The door was not so much opened as flung wide and filled with him; with Jackson Agnew. His frame crammed the doorway, everything broad, everything extended, from his lengthy arm and thin fingers reaching out to shake Richard’s to his gaping grin and booming ‘Hello hello-Welcome to my humble abode!’
Once I’d followed my husband into the hallway my own hand was enveloped and squeezed. ‘We meet at last!’ he said and his voice was like a deep, mellow gong echoing around the cavern of a hall with its bare walls and floorboards. After I’d glanced around the barren space I noticed he was scrutinising our faces, hungry for our reactions.
‘I expect you’ve been in here hundreds of times, haven’t you?’
Richard was peering up at the ceiling, eager for a sign of damp, death watch or woodworm. He avoided Jackson’s gaze as he replied.
‘We haven’t lived in the village all that long ourselves; retired here from Bristol eighteen months ago. We had no cause to come to the hotel. If we want a drink we go to the pub.’
‘We met the Judds, of course, out and about, you know, when walking the dog,’ I added.
Jackson grinned. ‘Yes. Pour souls. What a state they got into. Shall we move into the lounge and we can rustle up a cup of tea, or something stronger if you like?’ He looked beyond us to an open doorway, calling, ‘Darling, our neighbours are here.’
We walked through into what had been the hotel bar but was now being used as a makeshift kitchen and dining room. Here, overhead the ceiling was adorned in an ornate series of murals decorated in gold leaf portraying rotund cherubs cavorting with plump maidens in diaphanous robes. Jackson caught me scrutinising it and barked in noisy mirth.
‘What do you think of that? Someone went to town, didn’t they? Are you familiar with the Baroque style at all? Ah, there she is! Darling! These are our nearest neighbours, Richard and er…’
I broke in. ‘Lena’
‘Lena, of course. Richard and Lena.’
She was standing behind the bar, motionless, an almost smile on her lips; eyes that had been fixed upon him moving in a slow turn towards Richard and myself. In that moment I understood why all of the descriptions of her had been correct and at the same time wrong, because while she was young and undeniably beautiful there was no element of Hollywood style; no trappings that could be considered cosmetic enhancement. And one thing was clear. She could not in any way be mistaken for his daughter, since no daughter in the world would ever look at her father like that.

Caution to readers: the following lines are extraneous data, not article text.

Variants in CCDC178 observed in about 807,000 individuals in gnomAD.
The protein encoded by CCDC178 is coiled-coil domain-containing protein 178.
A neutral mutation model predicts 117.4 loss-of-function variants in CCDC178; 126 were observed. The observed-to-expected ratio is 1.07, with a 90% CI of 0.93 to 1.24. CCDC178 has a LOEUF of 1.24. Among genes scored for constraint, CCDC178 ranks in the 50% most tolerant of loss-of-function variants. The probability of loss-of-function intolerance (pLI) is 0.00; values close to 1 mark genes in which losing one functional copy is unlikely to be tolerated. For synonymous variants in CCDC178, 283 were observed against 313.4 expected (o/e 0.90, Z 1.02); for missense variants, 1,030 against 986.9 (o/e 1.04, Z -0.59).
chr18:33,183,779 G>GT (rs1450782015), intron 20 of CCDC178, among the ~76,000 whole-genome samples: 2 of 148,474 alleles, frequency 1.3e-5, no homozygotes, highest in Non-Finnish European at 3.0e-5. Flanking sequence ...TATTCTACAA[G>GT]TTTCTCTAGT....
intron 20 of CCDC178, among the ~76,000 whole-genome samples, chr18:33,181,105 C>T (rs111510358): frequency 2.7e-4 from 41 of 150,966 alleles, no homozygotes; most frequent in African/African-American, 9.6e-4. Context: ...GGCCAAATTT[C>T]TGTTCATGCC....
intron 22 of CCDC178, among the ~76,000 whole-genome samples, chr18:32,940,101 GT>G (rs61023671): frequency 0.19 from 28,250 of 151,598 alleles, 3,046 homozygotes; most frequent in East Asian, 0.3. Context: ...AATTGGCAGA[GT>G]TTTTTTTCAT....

She moved around to join us, extending a hand, first to me.
‘Imogen.’

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Speaking the Lingo and Talking the Talk-

A language cannot be hard to learn. A child can do it.

OK, although most linguistics experts agree that children are quicker and learn new languages with ease than adults.

Of course there are some notoriously difficult languages, such as Japanese and many of the obscure African languages that utilise clicks and other sounds that are not in our sound vocabulary, but where European languages are concerned I don’t believe there is anyone who cannot become familiar enough to understand and make themselves understood in a relatively short space of time. And while heavy work is made of conjugating verbs and swatting up vocabulary lists in schools it is only necessary to spend some time living, working or travelling in a country to learn the basics of that country’s language.

For some, however even the radical step of moving to a new country does not lead to language acquisition-you have only to visit some of the areas of the Spanish Mediterranean with large concentrations of British to see this. Many ex-pats remain solely English-speakers in spite of adopting a new land. Heaven knows what the Spanish think of this…

Our latest trip covered a number of countries and languages, prompting some challenging demands on my inconsistent language skills. As a schoolgirl I learned French, German, Latin and Spanish with varying degrees of success. That I had most success with French I attribute to long summer camping holidays in France with non-French-speaking parents. Like many I gave up on Latin early, seeing no point in continuing and I was a miserable failure at German, whose grammar mystified me [and still does]. The Spanish was an add-on to A-levels, and seemed easy for being similar to French.